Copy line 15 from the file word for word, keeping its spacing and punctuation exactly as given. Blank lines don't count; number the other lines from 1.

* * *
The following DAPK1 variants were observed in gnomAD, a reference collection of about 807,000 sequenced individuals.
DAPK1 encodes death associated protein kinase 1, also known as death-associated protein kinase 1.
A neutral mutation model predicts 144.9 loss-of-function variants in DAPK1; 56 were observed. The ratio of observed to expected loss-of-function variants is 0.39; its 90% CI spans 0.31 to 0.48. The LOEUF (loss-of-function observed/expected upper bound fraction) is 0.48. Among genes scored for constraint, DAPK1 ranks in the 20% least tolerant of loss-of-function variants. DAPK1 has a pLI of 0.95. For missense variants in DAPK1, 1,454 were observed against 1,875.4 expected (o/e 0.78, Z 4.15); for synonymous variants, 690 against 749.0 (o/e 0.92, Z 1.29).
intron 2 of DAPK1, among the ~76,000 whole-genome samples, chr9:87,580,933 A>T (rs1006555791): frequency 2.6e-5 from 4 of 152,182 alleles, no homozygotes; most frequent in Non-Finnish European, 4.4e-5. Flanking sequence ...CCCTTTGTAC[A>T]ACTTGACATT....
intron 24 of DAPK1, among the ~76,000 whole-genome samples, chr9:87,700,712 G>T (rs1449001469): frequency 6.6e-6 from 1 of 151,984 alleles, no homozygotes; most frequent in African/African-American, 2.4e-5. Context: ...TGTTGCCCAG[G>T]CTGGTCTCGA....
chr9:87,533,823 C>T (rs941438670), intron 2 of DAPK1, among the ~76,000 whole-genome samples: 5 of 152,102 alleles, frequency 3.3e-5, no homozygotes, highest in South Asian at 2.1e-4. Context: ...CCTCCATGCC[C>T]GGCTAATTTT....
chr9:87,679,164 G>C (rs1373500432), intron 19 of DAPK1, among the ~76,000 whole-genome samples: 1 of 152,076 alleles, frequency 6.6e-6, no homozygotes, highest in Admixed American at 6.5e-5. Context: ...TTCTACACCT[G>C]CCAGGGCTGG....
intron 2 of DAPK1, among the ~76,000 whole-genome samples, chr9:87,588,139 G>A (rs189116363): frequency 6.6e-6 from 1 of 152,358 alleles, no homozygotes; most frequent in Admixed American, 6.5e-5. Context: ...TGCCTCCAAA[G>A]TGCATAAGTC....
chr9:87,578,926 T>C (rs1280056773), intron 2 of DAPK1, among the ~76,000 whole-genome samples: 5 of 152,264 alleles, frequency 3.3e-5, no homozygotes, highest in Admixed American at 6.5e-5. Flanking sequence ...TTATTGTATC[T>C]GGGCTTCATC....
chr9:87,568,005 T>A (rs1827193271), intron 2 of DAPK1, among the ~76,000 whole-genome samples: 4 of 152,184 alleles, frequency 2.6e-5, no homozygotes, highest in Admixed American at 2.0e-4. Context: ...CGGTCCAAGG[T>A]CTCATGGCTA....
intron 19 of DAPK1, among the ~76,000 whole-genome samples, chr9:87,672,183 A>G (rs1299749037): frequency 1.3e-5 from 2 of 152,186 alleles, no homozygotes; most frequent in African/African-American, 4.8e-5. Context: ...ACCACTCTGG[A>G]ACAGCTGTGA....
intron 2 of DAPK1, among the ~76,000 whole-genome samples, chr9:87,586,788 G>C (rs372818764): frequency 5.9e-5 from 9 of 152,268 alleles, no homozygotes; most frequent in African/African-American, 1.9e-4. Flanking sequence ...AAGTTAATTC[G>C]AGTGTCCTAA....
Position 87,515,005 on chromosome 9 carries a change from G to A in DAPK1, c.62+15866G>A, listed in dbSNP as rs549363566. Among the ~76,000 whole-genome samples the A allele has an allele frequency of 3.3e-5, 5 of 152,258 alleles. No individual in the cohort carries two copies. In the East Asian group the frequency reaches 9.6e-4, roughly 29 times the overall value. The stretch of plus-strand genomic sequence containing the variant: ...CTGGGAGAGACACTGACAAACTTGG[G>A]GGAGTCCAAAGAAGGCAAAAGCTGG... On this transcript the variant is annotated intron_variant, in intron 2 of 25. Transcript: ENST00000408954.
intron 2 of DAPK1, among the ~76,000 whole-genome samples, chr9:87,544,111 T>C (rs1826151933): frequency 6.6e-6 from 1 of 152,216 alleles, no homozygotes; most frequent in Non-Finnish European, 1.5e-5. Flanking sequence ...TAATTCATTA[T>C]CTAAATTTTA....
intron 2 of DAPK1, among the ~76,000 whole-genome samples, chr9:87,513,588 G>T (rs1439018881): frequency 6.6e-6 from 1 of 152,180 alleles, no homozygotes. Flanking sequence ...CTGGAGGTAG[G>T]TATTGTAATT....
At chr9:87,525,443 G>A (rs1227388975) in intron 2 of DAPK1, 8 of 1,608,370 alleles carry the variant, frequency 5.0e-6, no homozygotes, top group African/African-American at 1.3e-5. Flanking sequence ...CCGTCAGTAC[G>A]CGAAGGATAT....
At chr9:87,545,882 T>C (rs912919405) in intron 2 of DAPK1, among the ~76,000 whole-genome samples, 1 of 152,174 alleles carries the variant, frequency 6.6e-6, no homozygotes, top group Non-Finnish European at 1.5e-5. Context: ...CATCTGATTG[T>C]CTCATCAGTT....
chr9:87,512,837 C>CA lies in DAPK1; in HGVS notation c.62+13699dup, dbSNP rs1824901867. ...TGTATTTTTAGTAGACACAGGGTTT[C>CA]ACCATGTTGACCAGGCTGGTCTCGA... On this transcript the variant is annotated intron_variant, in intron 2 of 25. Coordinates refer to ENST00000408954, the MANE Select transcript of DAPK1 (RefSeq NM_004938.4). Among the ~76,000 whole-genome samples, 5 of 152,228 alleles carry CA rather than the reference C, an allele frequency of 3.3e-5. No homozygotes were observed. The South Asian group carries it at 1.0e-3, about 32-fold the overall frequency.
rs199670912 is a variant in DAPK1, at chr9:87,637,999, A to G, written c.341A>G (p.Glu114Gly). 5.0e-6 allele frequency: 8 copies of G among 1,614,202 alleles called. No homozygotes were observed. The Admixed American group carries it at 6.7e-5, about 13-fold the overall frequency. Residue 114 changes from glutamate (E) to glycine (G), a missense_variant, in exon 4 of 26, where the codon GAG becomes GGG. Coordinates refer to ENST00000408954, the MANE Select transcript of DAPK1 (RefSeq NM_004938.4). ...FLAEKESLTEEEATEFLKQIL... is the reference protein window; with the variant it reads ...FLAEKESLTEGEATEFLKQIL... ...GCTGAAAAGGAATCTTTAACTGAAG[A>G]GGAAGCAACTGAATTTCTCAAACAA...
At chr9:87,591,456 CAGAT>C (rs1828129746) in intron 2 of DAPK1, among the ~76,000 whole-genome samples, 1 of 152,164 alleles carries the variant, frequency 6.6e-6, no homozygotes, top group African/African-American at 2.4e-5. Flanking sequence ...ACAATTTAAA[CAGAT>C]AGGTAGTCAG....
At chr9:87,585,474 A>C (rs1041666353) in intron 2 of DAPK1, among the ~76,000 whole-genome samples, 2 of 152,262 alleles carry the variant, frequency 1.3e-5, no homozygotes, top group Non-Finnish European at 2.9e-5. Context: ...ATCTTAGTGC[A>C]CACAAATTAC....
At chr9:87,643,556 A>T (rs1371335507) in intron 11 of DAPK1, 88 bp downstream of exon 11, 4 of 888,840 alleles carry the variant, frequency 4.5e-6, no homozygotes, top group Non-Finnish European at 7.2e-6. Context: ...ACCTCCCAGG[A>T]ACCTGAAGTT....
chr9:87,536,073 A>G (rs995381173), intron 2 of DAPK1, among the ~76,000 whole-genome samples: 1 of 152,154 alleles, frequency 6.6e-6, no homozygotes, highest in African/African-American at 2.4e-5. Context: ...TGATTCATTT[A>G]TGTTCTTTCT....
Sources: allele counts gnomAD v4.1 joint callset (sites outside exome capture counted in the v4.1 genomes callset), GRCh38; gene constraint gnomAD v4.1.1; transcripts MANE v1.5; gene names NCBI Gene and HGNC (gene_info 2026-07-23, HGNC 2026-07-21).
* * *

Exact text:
intron 2 of DAPK1, among the ~76,000 whole-genome samples, chr9:87,513,588 G>T (rs1439018881): frequency 6.6e-6 from 1 of 152,180 alleles, no homozygotes. Flanking sequence ...CTGGAGGTAG[G>T]TATTGTAATT....